8.2. Actors in World Politics (2016)Apunte Inglés
Transnational Companies and Non-State Actors
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Theory of IR 2016
8.3. Transnational Companies
They are understood as a company that has branches acting outside their home country.
Nowadays, TNCs are present in more than 147 countries. This is why they should be considered as fundamental actors.
II. Erosion of the power of the state and its sovereignty: States are loosing control over financial flows, foreign trade and taxation. Other actors, such as Transnational Companies, are gaining more importance in the international scene. Loss of sovereignty by: • Difficulty to regulate international transactions. Transnational companies exert influence to states so they impose legislation that benefits them.
• Use of competitive advantage by TNCs: Delocalisation according to taxation levels and beneficial policies. It is beneficial for the TNCs, but not for the state (the company doesn’t give you taxation).
• There are clashes between governments over regulations: This goes very much against the traditional ideas of the state-centric approach where the state is the one deciding the regulation according to its own interests. With the appearance of TNCs, they have more influence over regulation than the State has.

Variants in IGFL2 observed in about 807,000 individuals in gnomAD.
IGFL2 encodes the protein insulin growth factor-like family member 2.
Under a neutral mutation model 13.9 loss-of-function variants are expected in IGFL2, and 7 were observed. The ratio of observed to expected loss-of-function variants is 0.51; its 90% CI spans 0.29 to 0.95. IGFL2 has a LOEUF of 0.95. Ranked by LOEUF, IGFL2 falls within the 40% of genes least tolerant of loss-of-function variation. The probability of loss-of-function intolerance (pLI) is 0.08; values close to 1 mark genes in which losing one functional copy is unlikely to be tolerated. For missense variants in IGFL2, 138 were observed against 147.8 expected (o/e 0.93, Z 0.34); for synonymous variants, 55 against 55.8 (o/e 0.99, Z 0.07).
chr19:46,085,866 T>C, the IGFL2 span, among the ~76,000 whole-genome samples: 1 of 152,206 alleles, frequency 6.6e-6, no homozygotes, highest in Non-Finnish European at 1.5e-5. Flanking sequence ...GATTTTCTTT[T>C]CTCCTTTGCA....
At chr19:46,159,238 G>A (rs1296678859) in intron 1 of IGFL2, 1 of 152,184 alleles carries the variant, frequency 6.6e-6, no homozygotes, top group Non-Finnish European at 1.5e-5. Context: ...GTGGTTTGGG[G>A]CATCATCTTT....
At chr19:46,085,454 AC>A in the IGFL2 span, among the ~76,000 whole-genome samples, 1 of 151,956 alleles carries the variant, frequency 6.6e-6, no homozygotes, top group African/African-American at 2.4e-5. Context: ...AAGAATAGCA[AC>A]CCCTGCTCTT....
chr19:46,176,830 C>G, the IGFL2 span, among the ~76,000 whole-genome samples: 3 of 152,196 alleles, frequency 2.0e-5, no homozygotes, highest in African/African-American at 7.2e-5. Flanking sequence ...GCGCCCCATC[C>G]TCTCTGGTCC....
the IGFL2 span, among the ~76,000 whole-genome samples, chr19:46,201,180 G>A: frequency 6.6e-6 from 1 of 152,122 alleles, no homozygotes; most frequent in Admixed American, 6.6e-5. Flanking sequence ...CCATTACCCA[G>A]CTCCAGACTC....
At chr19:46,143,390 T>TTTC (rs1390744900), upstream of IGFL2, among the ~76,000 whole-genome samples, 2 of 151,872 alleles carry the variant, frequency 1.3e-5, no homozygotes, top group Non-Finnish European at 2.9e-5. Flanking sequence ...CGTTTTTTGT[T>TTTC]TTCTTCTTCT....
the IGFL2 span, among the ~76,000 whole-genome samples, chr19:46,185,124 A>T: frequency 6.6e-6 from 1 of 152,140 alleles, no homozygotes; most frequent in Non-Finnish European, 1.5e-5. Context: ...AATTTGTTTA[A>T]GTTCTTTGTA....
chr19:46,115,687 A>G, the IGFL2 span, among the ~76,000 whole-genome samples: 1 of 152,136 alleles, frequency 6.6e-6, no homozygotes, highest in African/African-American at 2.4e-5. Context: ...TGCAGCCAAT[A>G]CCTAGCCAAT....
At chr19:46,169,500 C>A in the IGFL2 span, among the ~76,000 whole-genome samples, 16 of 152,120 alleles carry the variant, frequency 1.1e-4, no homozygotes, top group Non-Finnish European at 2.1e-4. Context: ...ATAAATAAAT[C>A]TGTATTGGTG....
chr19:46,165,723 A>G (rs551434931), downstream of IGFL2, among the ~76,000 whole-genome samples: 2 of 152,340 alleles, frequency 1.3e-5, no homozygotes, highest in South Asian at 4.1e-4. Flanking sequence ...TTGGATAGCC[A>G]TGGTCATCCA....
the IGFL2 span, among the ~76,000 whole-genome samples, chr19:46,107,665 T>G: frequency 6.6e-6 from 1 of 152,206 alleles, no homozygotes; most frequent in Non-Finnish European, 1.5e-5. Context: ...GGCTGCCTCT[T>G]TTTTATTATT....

8.4. Non-Governamental Actors According to the United Nations, the definition of an NGO: • It should support the work of the UN • It should be a representative body, with headquarters.
• It cannot be profit-making.
• It cannot use or advocate violence.
• It must respect non-interference in internal affairs: Cannot have any political affiliation.
Marta Busquets Theory of IR 2016 • It cannot be established by an intergovernmental agreement: They have to be independent of that intergovernmental agreement.
Why are NGOs well suited to deal with Human Rights, development, aid and climate change? A. They are not so much bound by the interests of the state and TNCs, so they are freer to operate.
B. Foster initiatives taken over by states and IOGs. They are the starters of these initiatives.
C. They have the capacity to mobilise the popular opinion and advocate for solutions on behalf of this society.
D. There is an increasing number of instances where NGOs are actually involved in the international legislation: Co-participative in international actions plan.
E. However, they still remain outside decision-taking bodies such as the IMF, WB, WTO, etc.
They are present in certain organisations that, per se, don’t have much power of decision.